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Kitchen Notes: Oven Temperatures
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Cooking For Engineers



Joined: 10 May 2005
Posts: 16776766

PostPosted: Mon Sep 12, 2005 11:50 pm    Post subject: Kitchen Notes: Oven Temperatures Reply with quote


Article Digest:
These days we get recipes from all over the world -- through the internet, satellite television, pen pals, family, and other global sources of culinary goodness. Unfortunately, we're not all using the same system to depict oven temperatures. Here are cheat sheets to help decipher your recipes into your units of preference.

Fahrenheit to Celcius and Gas Mark
<th>° Fahrenheit</th><th>° Celcius</th><th>Gas Mark</th>
2251101/4
2501201/2
2751351
3001502
3251603
3501754
3751905
4002056
4252207
4502308
4752459
50026010

Celcius to Fahrenheit to Gas Mark
<th>° Celcius</th><th>° Fahrenheit</th><th>Gas Mark</th>
1102301/4
1202501/2
1302651
1402851
1503002
1603203
1703404
1803554
1903755
2003906
2104106
2204307
2304458
2404659
2504809
26050010

Gas Mark to Fahrenheit to Celcius
<th>Gas Mark</th><th>° Fahrenheit</th><th>° Celcius</th>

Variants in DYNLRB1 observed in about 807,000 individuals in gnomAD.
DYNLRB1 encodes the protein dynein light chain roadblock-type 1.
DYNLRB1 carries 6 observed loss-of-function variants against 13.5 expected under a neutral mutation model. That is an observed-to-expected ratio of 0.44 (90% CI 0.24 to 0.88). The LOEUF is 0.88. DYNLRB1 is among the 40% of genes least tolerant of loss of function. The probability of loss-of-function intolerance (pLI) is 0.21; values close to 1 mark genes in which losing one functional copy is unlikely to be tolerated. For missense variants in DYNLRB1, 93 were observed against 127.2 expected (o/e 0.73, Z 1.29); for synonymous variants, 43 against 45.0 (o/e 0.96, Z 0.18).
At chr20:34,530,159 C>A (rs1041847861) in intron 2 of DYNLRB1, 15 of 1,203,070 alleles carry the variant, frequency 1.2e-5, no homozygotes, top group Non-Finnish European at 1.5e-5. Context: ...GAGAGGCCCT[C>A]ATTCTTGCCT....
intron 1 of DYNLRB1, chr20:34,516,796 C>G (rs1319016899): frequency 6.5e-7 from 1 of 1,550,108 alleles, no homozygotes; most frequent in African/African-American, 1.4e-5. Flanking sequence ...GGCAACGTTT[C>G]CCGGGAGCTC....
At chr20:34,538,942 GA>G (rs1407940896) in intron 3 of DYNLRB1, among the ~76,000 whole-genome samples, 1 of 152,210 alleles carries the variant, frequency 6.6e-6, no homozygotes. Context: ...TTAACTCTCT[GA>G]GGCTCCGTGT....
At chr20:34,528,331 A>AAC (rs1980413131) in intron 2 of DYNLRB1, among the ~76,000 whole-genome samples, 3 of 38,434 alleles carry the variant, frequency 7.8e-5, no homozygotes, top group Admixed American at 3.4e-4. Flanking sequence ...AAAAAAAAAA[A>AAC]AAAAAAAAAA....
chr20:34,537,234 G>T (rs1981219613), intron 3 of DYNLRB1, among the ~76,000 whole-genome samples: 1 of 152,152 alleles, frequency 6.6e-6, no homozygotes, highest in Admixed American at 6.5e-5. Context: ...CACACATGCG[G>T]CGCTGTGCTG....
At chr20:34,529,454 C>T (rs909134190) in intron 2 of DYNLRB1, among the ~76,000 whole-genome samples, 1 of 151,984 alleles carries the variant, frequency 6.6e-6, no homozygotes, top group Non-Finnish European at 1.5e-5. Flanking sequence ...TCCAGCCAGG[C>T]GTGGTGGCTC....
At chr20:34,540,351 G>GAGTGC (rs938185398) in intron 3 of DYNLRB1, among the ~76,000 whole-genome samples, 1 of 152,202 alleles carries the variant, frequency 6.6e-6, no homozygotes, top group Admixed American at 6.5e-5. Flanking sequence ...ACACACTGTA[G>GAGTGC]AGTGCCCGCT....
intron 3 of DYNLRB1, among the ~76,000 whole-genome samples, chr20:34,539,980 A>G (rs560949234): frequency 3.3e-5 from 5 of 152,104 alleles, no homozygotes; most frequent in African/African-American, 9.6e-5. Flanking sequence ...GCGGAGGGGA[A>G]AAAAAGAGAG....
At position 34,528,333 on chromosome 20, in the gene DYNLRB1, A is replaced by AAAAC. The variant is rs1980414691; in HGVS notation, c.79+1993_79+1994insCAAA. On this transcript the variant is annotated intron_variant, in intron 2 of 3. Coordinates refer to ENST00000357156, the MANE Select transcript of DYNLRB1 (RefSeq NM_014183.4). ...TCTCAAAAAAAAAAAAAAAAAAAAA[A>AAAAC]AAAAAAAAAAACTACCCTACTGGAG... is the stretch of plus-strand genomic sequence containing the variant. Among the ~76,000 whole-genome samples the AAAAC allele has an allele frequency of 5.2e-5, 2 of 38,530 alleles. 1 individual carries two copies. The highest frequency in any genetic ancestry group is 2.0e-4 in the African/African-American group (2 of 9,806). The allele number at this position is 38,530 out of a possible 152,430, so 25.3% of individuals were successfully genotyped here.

1/4225110
1/2250120
1275135
2300150
3325160
4350175
5375190
6400205
7425220
8450230
9475245
10500260

Sometimes there will be recipes which use terms like "slow" or "hot" to describe oven temperatures. The following table summarizes approximate temperatures for these terms.

Verbal to Fahrenheit, Celcius, and Gas Mark
<th>Verbal</th><th>° Fahrenheit</th><th>° Celcius</th><th>Gas Mark</th>
Cool/Very Slow Cook2501201/2
Warm/Slow Cook3001502
Moderate3501754
Moderately hot3751905
Hot4252207
Very hot4502308
Extremely hot4752459


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Paul
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PostPosted: Wed Sep 14, 2005 2:00 pm    Post subject: Oven temps Reply with quote

The Germans and Austrians also seem to have a different system where "Stufe 4" is roughly gas mark 7. As an Englishman in Austria with an old oven in my apartment, this confuses me no end.
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Urgoll
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PostPosted: Wed Sep 14, 2005 3:05 pm    Post subject: Gas Mark ? Reply with quote

Does anyone here know the history of Gas Marks ? I've seen those used in french cooking books (and was uterly confused). What I don't understand is how good it can be to control the oven temperature ? Doesn't the oven heat capacity (btu/hr?) change from one model to another ?